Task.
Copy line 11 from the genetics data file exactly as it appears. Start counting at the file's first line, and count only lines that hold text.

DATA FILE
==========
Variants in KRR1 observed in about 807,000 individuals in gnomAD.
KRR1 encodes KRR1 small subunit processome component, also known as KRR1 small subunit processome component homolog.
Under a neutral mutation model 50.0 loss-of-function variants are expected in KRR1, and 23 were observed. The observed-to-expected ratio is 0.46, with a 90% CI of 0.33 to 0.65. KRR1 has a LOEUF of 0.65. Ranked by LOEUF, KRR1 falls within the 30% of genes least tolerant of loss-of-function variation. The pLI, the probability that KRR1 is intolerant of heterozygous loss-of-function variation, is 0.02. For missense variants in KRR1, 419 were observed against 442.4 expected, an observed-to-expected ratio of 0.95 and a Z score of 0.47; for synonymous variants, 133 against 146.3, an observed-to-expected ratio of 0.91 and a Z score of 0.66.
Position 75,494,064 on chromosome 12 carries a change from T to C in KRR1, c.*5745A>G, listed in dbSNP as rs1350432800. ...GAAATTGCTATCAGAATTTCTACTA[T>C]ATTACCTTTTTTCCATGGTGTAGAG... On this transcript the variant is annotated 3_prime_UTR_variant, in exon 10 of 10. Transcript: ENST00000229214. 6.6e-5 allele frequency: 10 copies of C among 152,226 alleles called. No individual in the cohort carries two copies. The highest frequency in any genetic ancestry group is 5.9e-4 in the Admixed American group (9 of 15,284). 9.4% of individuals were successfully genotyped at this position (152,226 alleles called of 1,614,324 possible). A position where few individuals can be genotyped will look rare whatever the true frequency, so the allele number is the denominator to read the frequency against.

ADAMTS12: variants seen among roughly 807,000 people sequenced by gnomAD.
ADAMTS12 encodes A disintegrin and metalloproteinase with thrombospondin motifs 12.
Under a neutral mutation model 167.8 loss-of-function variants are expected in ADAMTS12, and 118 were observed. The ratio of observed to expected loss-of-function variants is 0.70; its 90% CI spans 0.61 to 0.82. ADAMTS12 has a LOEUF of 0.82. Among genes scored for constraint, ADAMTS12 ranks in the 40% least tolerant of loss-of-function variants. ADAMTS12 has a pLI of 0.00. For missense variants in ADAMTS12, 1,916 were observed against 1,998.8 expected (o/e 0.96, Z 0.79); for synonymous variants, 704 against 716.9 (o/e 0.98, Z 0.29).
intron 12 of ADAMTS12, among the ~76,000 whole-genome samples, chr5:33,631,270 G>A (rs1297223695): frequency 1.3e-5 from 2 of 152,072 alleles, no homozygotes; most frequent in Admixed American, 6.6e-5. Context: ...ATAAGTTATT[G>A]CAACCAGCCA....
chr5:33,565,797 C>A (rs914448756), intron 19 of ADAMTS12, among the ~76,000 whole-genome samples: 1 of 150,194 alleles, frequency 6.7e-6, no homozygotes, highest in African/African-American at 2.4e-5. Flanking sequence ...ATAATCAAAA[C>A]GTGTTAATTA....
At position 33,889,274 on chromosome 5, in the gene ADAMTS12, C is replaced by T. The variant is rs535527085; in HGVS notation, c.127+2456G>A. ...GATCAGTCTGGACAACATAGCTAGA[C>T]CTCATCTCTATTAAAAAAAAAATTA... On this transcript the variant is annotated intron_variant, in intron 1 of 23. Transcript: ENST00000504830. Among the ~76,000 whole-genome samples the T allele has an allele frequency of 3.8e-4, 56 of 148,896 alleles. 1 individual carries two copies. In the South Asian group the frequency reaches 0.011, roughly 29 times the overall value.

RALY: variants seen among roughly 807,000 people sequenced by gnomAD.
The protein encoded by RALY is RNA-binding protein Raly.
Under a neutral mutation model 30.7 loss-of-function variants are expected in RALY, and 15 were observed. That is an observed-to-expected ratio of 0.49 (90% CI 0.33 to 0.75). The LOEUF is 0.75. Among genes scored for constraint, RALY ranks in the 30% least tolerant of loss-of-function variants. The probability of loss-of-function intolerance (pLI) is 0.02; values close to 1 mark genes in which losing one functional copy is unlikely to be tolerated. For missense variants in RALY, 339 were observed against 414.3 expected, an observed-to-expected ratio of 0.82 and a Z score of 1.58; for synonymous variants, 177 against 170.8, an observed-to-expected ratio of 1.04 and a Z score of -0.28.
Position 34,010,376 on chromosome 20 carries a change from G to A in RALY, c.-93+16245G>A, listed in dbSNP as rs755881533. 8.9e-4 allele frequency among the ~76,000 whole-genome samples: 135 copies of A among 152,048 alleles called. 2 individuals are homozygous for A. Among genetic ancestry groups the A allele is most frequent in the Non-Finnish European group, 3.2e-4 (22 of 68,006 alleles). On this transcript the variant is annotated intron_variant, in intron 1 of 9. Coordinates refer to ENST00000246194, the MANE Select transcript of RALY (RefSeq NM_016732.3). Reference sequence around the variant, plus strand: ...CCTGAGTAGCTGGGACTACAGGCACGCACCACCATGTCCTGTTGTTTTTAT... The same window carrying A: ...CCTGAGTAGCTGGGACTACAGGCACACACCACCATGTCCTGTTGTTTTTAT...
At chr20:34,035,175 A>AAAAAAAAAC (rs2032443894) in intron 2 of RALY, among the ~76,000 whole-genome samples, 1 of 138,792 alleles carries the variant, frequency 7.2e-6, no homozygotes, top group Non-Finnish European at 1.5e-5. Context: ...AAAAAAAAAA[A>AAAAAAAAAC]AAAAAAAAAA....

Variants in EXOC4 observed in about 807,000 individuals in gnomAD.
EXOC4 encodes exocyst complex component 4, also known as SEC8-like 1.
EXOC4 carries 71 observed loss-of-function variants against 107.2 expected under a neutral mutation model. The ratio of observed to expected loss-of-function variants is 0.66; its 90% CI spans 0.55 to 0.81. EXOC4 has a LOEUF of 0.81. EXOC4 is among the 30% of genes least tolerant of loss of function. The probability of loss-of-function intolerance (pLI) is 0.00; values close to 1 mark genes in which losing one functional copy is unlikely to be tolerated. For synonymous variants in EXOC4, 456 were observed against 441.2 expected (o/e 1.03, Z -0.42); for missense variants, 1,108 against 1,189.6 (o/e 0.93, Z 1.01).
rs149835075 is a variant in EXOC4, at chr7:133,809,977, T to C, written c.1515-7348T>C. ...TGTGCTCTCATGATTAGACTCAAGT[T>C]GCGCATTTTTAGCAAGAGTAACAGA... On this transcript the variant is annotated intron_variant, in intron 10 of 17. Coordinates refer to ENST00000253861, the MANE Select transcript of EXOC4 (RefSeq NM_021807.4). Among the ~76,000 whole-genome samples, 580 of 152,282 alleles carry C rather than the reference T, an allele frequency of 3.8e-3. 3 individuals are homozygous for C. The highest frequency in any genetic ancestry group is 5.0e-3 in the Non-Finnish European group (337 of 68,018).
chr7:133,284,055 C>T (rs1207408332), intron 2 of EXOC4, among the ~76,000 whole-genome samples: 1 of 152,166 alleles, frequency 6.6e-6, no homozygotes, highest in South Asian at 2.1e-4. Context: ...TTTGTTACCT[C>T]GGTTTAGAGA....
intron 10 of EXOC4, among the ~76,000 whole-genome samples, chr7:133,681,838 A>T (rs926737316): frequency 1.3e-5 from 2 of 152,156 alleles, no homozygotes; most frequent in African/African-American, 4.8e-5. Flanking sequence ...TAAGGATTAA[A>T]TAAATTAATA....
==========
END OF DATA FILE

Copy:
RALY: variants seen among roughly 807,000 people sequenced by gnomAD.